Moreover, Riyadh is by no means the first close U.S. ally to associate with the SCO. Turkey, a long-standing and crucial NATO member state, has been an SCO dialogue partner since 2013. At the last year’s summit, President Recep Tayyip Erdoğan indicated that his country was interested in becoming a full-fledged member. While Turkey’s relations with its Western partners have been on a decline for years, and the country is accused of abandoning policy coordination with the Western organizations it seeks to join (namely the EU), Turkey has remained a firm NATO ally institutionally that contributes to its activities. These include deterrence of Russian policies and support for Ukraine with critical military hardware such as drones.
Importantly, joining the SCO as a dialogue partner or an observer does not necessarily lead to full membership in the future. Some states remain satisfied with their “limited” association, with Mongolia, an observer since 2004, being an example. In other situations, states can be stopped from being promoted due to external conditions (such as being under sanctions) or a dispute with a full member. Both of these circumstances prevailed for many years in the case of Iran. For example, at one time, it had a disagreement with Tajikistan over its hosting of a Tajik opposition politician from a banned political party. Table 1 shows current SCO country associations.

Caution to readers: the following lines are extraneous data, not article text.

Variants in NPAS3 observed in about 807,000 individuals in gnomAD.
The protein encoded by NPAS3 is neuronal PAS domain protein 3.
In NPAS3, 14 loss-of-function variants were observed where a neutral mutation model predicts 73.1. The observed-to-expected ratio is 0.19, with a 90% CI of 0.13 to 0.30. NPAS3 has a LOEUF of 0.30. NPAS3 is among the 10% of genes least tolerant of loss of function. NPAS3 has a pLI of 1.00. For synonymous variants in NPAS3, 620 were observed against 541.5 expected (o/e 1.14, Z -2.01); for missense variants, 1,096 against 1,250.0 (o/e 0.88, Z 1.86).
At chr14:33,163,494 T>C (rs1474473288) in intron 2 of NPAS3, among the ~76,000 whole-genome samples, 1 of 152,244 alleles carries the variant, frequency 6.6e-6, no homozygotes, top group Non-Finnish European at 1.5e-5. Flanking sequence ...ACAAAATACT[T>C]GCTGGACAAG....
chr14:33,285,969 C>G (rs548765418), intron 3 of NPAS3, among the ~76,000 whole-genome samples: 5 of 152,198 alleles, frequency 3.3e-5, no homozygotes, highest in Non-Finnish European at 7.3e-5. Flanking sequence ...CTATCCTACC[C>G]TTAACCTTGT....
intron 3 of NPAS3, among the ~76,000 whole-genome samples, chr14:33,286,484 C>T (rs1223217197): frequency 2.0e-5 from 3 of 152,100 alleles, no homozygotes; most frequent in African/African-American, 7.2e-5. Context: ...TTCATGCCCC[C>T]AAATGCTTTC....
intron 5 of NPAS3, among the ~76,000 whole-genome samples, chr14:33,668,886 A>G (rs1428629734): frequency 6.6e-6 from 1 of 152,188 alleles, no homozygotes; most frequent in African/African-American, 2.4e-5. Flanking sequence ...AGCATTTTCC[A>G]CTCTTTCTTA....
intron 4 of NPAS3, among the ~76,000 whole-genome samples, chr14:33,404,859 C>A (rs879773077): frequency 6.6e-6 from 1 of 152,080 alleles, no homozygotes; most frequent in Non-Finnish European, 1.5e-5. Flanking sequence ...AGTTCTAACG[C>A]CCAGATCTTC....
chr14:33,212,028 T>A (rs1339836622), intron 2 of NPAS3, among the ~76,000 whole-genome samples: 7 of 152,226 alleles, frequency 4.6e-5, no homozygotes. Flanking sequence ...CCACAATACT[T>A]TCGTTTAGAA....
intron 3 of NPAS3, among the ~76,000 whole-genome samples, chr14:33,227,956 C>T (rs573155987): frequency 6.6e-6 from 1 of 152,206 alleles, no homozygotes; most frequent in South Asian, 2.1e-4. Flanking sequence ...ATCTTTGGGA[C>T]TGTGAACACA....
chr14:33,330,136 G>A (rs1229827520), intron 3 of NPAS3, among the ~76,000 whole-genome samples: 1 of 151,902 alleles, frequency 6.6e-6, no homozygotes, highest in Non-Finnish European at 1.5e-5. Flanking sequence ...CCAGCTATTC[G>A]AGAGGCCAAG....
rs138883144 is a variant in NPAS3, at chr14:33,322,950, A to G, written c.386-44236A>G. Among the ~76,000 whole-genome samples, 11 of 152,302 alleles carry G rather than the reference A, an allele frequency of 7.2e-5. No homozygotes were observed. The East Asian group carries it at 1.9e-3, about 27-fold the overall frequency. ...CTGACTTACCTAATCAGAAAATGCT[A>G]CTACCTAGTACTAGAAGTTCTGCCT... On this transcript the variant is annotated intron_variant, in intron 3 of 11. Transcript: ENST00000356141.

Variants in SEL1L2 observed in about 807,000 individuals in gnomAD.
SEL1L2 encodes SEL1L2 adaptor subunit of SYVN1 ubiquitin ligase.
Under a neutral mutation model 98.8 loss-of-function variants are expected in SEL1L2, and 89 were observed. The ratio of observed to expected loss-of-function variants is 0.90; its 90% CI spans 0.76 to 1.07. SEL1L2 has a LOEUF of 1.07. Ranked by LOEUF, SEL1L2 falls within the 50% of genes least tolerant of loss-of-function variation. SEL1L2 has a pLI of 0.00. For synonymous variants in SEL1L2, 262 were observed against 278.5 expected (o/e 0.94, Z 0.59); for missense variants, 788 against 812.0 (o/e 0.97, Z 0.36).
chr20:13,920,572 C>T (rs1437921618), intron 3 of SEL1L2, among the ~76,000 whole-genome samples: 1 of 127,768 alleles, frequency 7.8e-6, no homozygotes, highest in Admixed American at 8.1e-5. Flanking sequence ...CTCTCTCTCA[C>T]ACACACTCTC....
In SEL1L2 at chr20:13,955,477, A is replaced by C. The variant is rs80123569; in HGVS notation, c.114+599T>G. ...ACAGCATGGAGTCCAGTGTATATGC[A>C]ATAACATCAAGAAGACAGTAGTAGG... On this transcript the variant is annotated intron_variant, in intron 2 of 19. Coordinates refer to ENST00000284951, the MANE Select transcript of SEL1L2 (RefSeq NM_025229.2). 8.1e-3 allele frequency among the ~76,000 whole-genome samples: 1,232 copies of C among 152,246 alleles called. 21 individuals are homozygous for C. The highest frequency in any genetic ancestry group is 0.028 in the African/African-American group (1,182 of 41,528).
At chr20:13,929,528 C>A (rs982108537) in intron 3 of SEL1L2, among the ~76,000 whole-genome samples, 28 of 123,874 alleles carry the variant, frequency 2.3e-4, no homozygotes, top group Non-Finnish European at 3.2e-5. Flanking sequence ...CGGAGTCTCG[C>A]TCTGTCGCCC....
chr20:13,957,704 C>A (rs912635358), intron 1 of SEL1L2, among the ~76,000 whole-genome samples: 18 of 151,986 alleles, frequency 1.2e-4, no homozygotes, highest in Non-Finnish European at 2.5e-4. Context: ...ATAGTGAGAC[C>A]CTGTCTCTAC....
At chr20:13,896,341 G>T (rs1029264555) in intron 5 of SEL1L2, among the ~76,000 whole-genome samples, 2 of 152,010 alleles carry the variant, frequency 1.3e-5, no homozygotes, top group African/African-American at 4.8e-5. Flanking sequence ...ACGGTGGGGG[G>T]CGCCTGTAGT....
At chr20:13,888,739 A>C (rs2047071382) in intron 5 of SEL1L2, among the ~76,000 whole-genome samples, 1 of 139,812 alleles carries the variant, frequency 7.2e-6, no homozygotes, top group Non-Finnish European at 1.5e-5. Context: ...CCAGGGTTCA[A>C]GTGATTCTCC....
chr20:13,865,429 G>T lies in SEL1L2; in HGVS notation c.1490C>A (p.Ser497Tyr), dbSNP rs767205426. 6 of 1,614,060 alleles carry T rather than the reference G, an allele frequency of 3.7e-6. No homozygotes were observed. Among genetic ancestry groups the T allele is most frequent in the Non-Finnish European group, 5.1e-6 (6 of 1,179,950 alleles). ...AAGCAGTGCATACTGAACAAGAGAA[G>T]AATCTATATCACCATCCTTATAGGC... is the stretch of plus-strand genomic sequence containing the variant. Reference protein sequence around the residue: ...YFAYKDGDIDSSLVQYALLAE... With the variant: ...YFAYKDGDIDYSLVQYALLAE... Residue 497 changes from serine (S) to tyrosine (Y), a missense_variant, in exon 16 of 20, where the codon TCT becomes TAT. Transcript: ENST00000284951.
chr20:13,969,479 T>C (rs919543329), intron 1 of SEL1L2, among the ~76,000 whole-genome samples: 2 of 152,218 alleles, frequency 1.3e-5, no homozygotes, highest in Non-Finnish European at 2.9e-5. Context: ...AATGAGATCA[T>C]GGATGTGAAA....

Table 1. Country Association Patterns in the Shanghai Cooperation Organization
|China (2001)||Mongolia (2004)||Sri Lanka (2009)|
|Russia (2001)||Afghanistan (2012)||Turkey (2013)|
|Kazakhstan (2001)||Belarus (2015)|
initiated in 2022
|Uzbekistan (2001)||Azerbaijan (2016)|
|Kyrgyzstan (2001)||Nepal (2016)|
|Tajikistan (2001)||Armenia (2016)|
|India (2017)||Egypt (2022)|
|Pakistan (2017)||Qatar (2022)|
|Iran (expected 2023)||Bahrain (2022)|
|Saudi Arabia (2023)|
(as of May 2023)
|United Arab Emirates|
(as of May 2023)
(as of May 2023)
(as of May 2023)
SCO Enlargement and Moscow’s Post-Ukraine-War Strategy